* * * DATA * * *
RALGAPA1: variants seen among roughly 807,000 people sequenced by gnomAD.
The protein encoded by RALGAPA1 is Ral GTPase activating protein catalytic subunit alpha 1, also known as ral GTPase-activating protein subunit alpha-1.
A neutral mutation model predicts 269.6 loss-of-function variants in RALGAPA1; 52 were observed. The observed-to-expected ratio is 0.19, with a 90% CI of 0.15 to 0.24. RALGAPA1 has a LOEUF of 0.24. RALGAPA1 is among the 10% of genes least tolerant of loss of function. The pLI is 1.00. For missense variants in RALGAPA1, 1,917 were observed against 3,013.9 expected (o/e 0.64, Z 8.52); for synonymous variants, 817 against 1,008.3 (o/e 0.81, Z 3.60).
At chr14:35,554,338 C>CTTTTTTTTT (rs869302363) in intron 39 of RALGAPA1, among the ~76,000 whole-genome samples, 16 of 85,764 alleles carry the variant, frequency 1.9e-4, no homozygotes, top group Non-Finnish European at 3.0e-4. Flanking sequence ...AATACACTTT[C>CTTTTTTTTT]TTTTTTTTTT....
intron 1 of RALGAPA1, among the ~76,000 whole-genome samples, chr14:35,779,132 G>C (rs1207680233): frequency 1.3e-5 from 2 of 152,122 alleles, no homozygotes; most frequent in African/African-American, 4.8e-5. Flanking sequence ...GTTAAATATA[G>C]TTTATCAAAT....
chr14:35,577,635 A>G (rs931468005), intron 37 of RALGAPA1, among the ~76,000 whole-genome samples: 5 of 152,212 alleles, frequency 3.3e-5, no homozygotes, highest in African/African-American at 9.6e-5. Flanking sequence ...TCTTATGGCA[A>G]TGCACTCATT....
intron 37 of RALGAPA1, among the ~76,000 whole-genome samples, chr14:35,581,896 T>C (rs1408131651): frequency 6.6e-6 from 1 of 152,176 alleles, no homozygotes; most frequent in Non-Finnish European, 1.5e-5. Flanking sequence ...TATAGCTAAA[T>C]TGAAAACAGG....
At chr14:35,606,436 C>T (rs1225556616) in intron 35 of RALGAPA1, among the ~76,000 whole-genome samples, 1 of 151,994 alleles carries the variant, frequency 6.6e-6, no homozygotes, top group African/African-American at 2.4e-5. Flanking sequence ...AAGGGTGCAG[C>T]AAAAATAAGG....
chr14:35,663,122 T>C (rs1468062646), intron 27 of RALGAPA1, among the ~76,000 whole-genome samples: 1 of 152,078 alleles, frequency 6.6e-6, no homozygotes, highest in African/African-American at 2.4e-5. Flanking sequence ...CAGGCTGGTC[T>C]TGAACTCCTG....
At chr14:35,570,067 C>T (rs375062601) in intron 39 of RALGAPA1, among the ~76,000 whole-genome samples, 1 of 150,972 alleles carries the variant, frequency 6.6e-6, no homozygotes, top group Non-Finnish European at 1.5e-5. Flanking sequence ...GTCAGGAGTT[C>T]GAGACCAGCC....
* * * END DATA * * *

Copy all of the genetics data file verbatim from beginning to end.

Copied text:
RALGAPA1: variants seen among roughly 807,000 people sequenced by gnomAD.
The protein encoded by RALGAPA1 is Ral GTPase activating protein catalytic subunit alpha 1, also known as ral GTPase-activating protein subunit alpha-1.
A neutral mutation model predicts 269.6 loss-of-function variants in RALGAPA1; 52 were observed. The observed-to-expected ratio is 0.19, with a 90% CI of 0.15 to 0.24. RALGAPA1 has a LOEUF of 0.24. RALGAPA1 is among the 10% of genes least tolerant of loss of function. The pLI is 1.00. For missense variants in RALGAPA1, 1,917 were observed against 3,013.9 expected (o/e 0.64, Z 8.52); for synonymous variants, 817 against 1,008.3 (o/e 0.81, Z 3.60).
At chr14:35,554,338 C>CTTTTTTTTT (rs869302363) in intron 39 of RALGAPA1, among the ~76,000 whole-genome samples, 16 of 85,764 alleles carry the variant, frequency 1.9e-4, no homozygotes, top group Non-Finnish European at 3.0e-4. Flanking sequence ...AATACACTTT[C>CTTTTTTTTT]TTTTTTTTTT....
intron 1 of RALGAPA1, among the ~76,000 whole-genome samples, chr14:35,779,132 G>C (rs1207680233): frequency 1.3e-5 from 2 of 152,122 alleles, no homozygotes; most frequent in African/African-American, 4.8e-5. Flanking sequence ...GTTAAATATA[G>C]TTTATCAAAT....
chr14:35,577,635 A>G (rs931468005), intron 37 of RALGAPA1, among the ~76,000 whole-genome samples: 5 of 152,212 alleles, frequency 3.3e-5, no homozygotes, highest in African/African-American at 9.6e-5. Flanking sequence ...TCTTATGGCA[A>G]TGCACTCATT....
intron 37 of RALGAPA1, among the ~76,000 whole-genome samples, chr14:35,581,896 T>C (rs1408131651): frequency 6.6e-6 from 1 of 152,176 alleles, no homozygotes; most frequent in Non-Finnish European, 1.5e-5. Flanking sequence ...TATAGCTAAA[T>C]TGAAAACAGG....
At chr14:35,606,436 C>T (rs1225556616) in intron 35 of RALGAPA1, among the ~76,000 whole-genome samples, 1 of 151,994 alleles carries the variant, frequency 6.6e-6, no homozygotes, top group African/African-American at 2.4e-5. Flanking sequence ...AAGGGTGCAG[C>T]AAAAATAAGG....
chr14:35,663,122 T>C (rs1468062646), intron 27 of RALGAPA1, among the ~76,000 whole-genome samples: 1 of 152,078 alleles, frequency 6.6e-6, no homozygotes, highest in African/African-American at 2.4e-5. Flanking sequence ...CAGGCTGGTC[T>C]TGAACTCCTG....
At chr14:35,570,067 C>T (rs375062601) in intron 39 of RALGAPA1, among the ~76,000 whole-genome samples, 1 of 150,972 alleles carries the variant, frequency 6.6e-6, no homozygotes, top group Non-Finnish European at 1.5e-5. Flanking sequence ...GTCAGGAGTT[C>T]GAGACCAGCC....